The alternative is to go around credit cards and build something completely new. This leaves much more room for a sustainable margin, but then you’re left with the absolutely massive network problem. If you think getting a social network off the ground is hard, when the only obstacle is getting people to enter in an email address and password, imagine having to simultaneously distribute a means of accepting payments to merchants and a means of making payment to consumers, all at the same time, because if you only have one you basically have nothing.
This is why I, for the foreseeable future, expect to see little if any progress in the United States.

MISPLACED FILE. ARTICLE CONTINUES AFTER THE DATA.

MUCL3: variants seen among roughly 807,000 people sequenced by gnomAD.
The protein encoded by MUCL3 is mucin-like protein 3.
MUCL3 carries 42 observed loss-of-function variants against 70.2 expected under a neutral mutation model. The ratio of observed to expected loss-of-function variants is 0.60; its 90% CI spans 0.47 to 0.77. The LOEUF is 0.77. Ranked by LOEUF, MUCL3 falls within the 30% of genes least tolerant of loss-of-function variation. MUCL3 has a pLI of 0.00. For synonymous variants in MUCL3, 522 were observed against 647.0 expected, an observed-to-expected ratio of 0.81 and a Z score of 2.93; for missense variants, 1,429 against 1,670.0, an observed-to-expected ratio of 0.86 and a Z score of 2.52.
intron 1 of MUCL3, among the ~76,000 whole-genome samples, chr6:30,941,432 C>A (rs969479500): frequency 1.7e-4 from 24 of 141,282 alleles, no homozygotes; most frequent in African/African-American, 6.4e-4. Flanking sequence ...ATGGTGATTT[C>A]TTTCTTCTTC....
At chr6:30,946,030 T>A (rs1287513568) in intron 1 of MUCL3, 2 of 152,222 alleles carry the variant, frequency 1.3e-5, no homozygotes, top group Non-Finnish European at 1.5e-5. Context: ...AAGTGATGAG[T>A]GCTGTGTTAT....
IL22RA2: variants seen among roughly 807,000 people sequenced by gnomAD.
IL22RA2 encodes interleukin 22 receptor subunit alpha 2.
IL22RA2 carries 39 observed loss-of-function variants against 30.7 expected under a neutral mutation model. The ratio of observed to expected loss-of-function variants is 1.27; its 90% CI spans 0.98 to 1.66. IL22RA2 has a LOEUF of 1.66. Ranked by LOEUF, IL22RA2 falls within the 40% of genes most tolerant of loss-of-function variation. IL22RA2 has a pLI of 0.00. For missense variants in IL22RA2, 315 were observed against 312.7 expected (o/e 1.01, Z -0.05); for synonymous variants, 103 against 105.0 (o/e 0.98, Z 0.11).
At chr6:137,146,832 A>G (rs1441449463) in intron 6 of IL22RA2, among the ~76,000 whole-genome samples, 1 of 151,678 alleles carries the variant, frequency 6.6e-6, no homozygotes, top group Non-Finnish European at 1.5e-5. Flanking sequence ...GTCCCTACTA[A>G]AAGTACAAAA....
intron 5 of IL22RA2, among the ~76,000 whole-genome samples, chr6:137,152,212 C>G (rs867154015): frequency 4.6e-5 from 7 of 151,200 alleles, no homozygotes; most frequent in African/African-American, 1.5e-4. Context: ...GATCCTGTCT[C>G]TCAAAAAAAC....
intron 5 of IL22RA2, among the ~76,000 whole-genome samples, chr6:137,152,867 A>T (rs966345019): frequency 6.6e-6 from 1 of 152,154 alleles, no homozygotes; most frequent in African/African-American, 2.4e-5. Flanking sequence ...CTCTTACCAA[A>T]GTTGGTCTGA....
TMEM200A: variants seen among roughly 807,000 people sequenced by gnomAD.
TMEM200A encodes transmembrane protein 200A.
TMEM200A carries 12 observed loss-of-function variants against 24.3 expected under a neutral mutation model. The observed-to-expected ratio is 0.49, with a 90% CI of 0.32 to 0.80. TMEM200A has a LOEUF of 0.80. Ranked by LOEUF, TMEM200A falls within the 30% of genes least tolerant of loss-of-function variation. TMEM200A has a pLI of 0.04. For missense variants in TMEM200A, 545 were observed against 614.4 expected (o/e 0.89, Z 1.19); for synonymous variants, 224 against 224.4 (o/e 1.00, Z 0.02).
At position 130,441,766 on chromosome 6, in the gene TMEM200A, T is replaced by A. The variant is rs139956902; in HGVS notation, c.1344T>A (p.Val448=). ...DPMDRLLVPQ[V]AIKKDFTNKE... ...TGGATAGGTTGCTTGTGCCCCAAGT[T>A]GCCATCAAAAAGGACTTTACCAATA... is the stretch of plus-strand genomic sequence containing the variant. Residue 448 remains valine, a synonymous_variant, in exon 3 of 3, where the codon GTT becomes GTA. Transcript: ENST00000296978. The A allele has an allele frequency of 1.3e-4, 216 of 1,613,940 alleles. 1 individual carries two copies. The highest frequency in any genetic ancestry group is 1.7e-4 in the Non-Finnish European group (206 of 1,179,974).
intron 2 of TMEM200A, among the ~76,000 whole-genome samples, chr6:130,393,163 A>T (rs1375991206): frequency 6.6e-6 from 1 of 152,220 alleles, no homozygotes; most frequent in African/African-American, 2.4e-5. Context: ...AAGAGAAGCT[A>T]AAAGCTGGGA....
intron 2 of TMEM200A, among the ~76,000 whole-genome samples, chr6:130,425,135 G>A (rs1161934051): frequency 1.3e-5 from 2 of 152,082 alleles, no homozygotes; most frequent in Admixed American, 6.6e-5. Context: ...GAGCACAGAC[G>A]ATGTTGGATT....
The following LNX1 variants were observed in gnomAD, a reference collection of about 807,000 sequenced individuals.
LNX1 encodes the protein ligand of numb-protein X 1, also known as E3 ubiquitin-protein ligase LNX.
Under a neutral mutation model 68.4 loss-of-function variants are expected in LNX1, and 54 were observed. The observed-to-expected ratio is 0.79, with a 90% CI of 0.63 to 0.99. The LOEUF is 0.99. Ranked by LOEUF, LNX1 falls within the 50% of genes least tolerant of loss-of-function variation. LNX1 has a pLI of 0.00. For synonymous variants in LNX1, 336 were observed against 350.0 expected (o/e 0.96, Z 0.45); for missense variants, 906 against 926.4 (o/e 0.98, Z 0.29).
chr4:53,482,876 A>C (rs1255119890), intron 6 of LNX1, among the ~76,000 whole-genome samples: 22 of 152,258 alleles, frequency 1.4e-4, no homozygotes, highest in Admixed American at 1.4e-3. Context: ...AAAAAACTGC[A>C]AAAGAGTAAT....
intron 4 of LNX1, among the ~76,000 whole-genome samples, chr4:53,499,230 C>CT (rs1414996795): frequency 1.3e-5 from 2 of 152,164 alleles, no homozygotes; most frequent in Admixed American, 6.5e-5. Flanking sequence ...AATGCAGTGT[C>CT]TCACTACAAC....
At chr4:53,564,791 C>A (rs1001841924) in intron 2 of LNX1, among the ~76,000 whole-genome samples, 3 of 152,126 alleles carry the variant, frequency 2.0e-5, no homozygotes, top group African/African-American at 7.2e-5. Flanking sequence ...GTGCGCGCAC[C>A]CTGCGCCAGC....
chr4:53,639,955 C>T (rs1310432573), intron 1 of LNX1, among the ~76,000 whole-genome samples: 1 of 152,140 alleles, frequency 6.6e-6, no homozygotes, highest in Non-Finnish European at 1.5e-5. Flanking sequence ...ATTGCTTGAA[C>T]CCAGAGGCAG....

I think Thompson makes a great point—too many merchants are comfortable with the current system and it’s convenient enough for most Americans, so we may not see much change. I’d really like to see more secure options, or more smartphone-oriented options that aren’t terrible. Although they recently switched to Square for their backend, I still think that Starbucks has the best mobile payment system that actually makes people want to use it (load up a card and then it’s in Passbook and the Starbucks app, you can reload and manage, and they recently added tipping). It’s convenient, but also reliable in that you don’t get that I’m-using-cutting-edge-technology-that-is-half-baked-and-I-look-like-a-bozo situation.